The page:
However, as to the best of our knowledge, there are no literatures on the effects of the antenna selection algorithms on the secrecy outage probability for cooperative NOMA. Motivated by that, based on the optimal antenna selection algorithm, this paper studies the secrecy outage performance for decode-and-forward (DF) cooperative NOMA networks. (DF relay can decode the wireless signal before forwarding to the destination note, which can improve the link quality. While amplify-and-forward (AF) relay only amplifies its received signal and the link quality can not be improved. Considering the advantages of DF relay scheme compared with AF scheme, only DF cooperative network is studied in this paper.) By using NOMA protocol and with the help of the relay station, the source station transfers messages to two destinations simultaneously. The best antenna of relay is selected to assist the secure transmission from the source to the destinations. The impact of the system parameters is analyzed through deriving the exact analytical expressions on the secrecy outage performance as well as the asymptotic results with large SNR and main-to-eavesdropper ratio (MER). We find that the system secure performance is highly dependent on the system parameters such as the number of antennas at the relay, SNR, and MER. Specifically, the secrecy diversity order of the system is equal to the antenna number, when the interference from the second user is limited. Furthermore, simulation results are provided to validate the theoretical analysis.

The main contributions of this paper are summarized as follows:(1)An optimal antenna selection for cooperative NOMA networks is proposed and the closed-form exact expressions and the asymptotic expressions on the secrecy outage performance are derived.(2)According to the asymptotic analysis, the impacts of the system parameters on the secrecy outage probability are revealed. We find that, in the case of limited interference, the secrecy diversity order of the system is equal to the antenna number

*Notations.* We use the notations and to represent the logarithms with the base of 2 and natural, respectively. Moreover, we use notations and to represent the probability density function and cumulative distribution function of the random variable , respectively. Notation returns the expectation result of a random event . In addition, indicates that the random variable follows a circularly symmetric complex-valued Gaussian distribution of the mean and variance . We use the notation - to denote the link from to .

#### 2. System Model and Selection Algorithm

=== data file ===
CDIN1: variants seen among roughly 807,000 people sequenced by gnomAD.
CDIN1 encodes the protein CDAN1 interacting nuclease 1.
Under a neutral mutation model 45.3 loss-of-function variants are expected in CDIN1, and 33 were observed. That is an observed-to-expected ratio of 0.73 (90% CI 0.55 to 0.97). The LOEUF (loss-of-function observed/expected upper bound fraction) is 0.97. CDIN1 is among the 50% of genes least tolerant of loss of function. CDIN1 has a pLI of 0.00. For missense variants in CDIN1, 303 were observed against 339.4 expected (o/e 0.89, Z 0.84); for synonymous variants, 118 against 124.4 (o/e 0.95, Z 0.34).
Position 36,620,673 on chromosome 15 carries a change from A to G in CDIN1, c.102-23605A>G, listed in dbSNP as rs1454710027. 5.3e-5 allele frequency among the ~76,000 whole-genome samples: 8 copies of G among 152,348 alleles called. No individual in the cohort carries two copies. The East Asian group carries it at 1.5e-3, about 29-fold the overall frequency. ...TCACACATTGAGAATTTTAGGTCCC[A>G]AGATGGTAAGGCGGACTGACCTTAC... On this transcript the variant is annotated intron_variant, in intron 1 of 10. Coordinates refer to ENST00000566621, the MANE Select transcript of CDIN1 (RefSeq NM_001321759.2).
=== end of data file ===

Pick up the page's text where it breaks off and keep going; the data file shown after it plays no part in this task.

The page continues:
The system model of two-slot decode-and-forward (DF) cooperative NOMA networks is given in Figure 1. The considered system consists of one source station, a DF relay with antennas, two destinations, and one passive eavesdropper, denoted as , , , and , respectively. The relay station is equipped with antennas, and we use to denote the -th antenna of . It is assumed that perfect channel status information (CSI) of , , and can be obtained by the relay station through dedicated feedback channel [36–39]. Since the eavesdropper does not transmit any signal all the time [40], the relay cannot obtain the CSI of the eavesdropping links. Due to the long distance or severe shadow fading [41–43], there exists no direct link between the source and the destinations. Then with the assistant of the relay station, the source station can transfer messages to two destinations by using the NOMA protocol. Meanwhile, the wireless signal from the relay station may be intercepted by the eavesdropper. Both and are assumed to be equipped with a single antenna and operate in the half-duplex time-division mode. To reduce the information leakage to the eavesdropper, the* best* antenna in is selected to decode the signal and forward to the destinations. As mentioned before, the destinations share the wireless channel through NOMA protocol. In addition, all of the wireless channels are assumed to be quasi-static Rayleigh block fading and statistically independent of each other.

In the first slot, a mixture signal is transmitted from the source station to the selected relay’s antenna. Thus, the received signal at -th antenna of can be expressed aswhere , are the messages transmitted from to and , respectively. is the additive white Gaussian noise (AWGN) received at . We use to denote the total transmission power of the source station and use to represent the instantaneous channel fading coefficient between and . The power allocation factors for and are denoted by , respectively. According to the NOMA protocol [13], low rate and urgent traffic are carried by the first data stream, while the second data stream is used for opportunistic communications with long time tasks. To satisfy the total power requirement, and meet the following constraint: and .